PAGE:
Professor Irwin Cotler provides an insightful analysis in his “Never Again: 6 Enduring Lessons of the Holocaust as published in his Huffington Post Blog on November, 1999. He cites in the first instance, the need for Zachor – to remember. In this, we must understand that the mass murder of six million Jews, and millions of non-Jews is not a matter of abstract statistics.

For Cotler, the second enduring lesson is that the genocide did not commence with the industry of death, technology and gas chambers, but with words of state sectioned ideology and hatred.

He sees as a third lesson, Holocaust crimes of indifference, from conspiracies of silence — with the international community as bystander. This indifference generally favors the victimizer rather than the victim. “Indifference in the face  of evil is acquiescence with evil itself; it is complicity with evil.”

Cotler’s fourth  enduring lesson is the complicity of the elites –physicians, church leaders, judges lawyers, engineers, architects, educators and other professionals. This assertion finds confirmation in the crimes of the Nuremberg elites. Of course, had his piece been updated today, the Muslim imams would be included. By way of a recommendation, it is necessary  to speak truth to power and to hold power accountable to truth. This lesson is rooted in Nuremberg Principles as part of our learning and our legacy, a Holocaust education which informs our principles on justice and injustice.

The fifth lesson concerns the vulnerability of the powerless and the powerlessness of the vulnerable. It is our responsibility to give voice to the voiceless, to empower the powerless, be they the disabled, poor, elderly, women victims of violence, or the vulnerable child — the most vulnerable of the vulnerable. It is to be remembered that Hitler’s inclusive genocide is exemplified by the slaughter of 1.5 million children.

As a sixth lesson, recognition and emphasis on “the righteous among the nations, of whom Raoul Wallenberg is metaphor and message” having “saved more Jews in four months in Hungary in 1944 than  any single government or organization.”

The words “never again” apply to indifference, to incitement, to silence in the face of evil, to tolerating racism and anti-Semitism, ignoring the plight of the vulnerable and ultimately the face of mass atrocity and impunity.

No works on the Holocaust could be concluded without the insights and thoughts of Rabbi Joseph B. Soloveitchik and Elie Wiesel. The former’s Kol Dodi Dofek, a masterpiece, an essay originally delivered as an address at a public assembly on Yom Ha-Azma’ut at Yeshivat Rabbenu Yitzhak Elhanan of Yeshiva University in NY City during 1956 includes his thoughts on the Holocaust [60+ pages]. It is an allegorical treatise which speaks volumes.  After a discussion on the meaning of fate and destiny, the Rav explains his position on Israel utilizing Shir Hashirim to explain the miracle of Israel. He does so in terms of “6 knocks”:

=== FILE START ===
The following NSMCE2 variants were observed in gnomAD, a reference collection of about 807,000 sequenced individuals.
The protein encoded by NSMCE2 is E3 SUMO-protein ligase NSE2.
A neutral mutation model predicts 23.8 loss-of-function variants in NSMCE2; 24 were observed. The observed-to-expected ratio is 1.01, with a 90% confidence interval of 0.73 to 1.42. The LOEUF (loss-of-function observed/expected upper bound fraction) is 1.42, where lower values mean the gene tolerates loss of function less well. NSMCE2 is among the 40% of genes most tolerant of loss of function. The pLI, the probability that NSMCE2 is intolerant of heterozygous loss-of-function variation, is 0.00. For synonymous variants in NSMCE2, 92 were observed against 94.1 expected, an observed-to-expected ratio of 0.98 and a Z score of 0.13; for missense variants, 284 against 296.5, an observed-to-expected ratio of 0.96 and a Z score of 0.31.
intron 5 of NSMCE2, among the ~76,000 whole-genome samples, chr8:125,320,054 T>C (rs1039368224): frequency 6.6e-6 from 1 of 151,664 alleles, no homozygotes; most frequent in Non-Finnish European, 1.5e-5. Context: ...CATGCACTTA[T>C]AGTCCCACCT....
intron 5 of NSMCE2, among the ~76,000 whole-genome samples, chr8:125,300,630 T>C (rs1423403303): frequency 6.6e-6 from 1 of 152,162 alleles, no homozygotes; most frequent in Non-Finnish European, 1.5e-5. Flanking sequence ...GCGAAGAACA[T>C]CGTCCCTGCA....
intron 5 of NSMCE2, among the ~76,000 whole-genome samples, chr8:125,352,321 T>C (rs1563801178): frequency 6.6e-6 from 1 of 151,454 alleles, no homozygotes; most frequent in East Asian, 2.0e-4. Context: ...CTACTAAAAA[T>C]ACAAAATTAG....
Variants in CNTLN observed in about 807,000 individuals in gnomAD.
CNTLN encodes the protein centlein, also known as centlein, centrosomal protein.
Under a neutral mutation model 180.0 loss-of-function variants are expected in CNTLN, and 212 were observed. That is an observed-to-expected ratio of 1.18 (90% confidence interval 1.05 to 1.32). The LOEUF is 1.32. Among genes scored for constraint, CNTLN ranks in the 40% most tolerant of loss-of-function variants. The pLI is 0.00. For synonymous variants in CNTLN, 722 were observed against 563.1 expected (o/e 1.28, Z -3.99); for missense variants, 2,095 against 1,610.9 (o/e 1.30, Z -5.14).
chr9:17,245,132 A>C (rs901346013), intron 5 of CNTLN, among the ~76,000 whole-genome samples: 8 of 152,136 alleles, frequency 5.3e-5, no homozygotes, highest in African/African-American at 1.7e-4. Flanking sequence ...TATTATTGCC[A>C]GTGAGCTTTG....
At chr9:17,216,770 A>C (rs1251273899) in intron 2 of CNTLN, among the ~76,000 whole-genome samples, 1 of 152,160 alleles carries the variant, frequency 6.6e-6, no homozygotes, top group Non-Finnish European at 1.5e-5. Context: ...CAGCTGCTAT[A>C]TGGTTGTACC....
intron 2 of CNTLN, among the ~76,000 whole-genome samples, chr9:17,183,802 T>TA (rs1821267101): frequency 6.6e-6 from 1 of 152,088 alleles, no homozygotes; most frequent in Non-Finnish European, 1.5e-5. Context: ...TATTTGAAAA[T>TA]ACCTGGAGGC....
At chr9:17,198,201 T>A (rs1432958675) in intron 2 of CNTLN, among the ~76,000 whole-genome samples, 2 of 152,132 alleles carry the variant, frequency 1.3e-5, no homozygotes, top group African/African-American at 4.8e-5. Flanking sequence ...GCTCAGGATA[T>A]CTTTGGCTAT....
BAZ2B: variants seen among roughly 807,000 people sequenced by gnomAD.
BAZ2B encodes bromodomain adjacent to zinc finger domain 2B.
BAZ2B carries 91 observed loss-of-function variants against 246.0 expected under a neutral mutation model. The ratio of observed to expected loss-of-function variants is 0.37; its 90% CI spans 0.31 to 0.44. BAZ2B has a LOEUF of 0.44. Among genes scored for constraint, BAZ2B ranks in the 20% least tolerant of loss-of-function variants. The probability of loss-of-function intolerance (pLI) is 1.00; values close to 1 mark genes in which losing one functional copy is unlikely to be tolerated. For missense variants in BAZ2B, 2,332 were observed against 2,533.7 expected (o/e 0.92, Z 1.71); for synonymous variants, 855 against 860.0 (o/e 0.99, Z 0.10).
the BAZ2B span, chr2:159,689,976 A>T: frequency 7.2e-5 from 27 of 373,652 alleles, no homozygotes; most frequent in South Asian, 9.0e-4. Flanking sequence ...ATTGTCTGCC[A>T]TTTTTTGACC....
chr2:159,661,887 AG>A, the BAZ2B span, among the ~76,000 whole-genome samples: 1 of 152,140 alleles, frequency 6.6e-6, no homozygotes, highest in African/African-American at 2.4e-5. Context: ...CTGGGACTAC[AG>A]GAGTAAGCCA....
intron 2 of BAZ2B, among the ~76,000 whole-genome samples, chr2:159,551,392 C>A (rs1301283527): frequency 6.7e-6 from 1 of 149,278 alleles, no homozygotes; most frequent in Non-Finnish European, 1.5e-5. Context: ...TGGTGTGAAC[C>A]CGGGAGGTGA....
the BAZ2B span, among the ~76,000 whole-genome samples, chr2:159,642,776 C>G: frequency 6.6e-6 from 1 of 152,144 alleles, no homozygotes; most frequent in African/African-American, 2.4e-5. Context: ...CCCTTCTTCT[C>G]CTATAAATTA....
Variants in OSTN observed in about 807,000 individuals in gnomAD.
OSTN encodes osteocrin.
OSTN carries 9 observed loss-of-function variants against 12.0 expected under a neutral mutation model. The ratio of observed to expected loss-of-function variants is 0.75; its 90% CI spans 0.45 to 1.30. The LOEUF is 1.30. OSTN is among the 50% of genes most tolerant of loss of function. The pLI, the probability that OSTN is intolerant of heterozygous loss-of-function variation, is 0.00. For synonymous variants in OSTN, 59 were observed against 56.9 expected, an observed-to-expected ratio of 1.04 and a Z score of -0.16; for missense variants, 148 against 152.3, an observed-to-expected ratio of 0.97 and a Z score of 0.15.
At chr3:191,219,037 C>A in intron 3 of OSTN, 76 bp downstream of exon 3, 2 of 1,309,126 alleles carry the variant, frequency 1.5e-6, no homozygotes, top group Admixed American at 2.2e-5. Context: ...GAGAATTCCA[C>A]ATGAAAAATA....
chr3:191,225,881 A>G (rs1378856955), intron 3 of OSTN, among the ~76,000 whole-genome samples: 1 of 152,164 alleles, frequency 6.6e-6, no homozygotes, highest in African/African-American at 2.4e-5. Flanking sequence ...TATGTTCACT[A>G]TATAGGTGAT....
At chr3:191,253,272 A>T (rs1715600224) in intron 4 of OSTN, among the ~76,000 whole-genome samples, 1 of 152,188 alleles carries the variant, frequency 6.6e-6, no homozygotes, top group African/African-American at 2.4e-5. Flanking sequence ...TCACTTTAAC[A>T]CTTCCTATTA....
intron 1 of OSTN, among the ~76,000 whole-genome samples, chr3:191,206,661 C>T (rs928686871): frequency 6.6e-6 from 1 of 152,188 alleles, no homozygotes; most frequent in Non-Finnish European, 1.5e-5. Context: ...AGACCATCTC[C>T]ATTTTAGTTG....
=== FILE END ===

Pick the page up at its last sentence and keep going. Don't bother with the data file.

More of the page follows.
[a] Political: The issue of recognizing the State was the only time the US and the Soviet Union ever agreed on anything in the UN.

[b] War: Israel’s weak, ragtag, amateur army defeated the professional armed forces of six Arab nations.

[c] Theological: Catholics had taught the Jews forfeited their right to Israel by denying Jesus.

[d] Sociological: Israel’s existence has saved millions of Jews from assimilation.

[e] Attitudes: We stopped  turning the other cheek whenever somebody attacks Jews. Jewish blood is no longer valueless.

[f] Inclusion: The first act of the State of Israel after declaring independence was to abolish the White Paper which restricted Jewish immigration to Israel.[3]

Elie Wiesel has made the words “indifference” and “awareness” synonymous with the Holocaust. He defines the former as ” no difference ; A strange and unnatural state in which the lines blur between light and darkness, dusk and dawn, crime and punishment, cruelty and compassion, good and evil.” “It is so much easier to avoid such rude interruptions to our work, our dreams, our hopes. It is, after all, awkward, troublesome, to be involved in another person’s pain and despair. Yet , for the person who is indifferent, his or her neighbor are of no consequence.————-Indifference reduces the other to an abstraction.” It is not possible to fully capture Wiesel’s inner thoughts in the given space. As small segment of them follows:

He has room for God and man, despite both having disappointing him. Wiesel feels that to be abandoned by  humanity was not the ultimate, but being abandoned by God was worse than being punished by him. Being indifferent to suffering is what makes the human inhuman. It is more dangerous than hatred and anger. Indifference is never creative. It is always the friend of the enemy, for it benefits the aggressor—-never his victim. “In the place that I come from, society was composed of three simple categories; the killers, the victims and the bystanders.”

“—we believed that Auschwitz and Treblinka were closely guarded secrets; that the leaders of the free world did not know what was going on behind those black gates and barbed wire ——And now we know that the Pentagon knew, the State Department knew—-” But there was no bombing of the rail tracks leading to Birkenau and how much less caring could there have been than the depressing incident of the St.Louis, a ship carrying approximately 1,000 Jews on the shores of the US which was turned back to Nazi Germany. “Why did some of America’s largest corporations continue to do business with Hitler’s Germany until 1942?”

In life, there are always more questions than answers and so it is with the Holocaust[4]

REFERENCES

[1] Theological and Halakhic Reflections on the Holocaust – Page 330.

[2] Theological and Halakhic Reflections on the Holocaust – Page 313, 310.

[3] Theological and Halakhic Reflections on the Holocaust – Page 69,70,71,72,73.

[4] Perils of Indifference – White House presentation, 1999.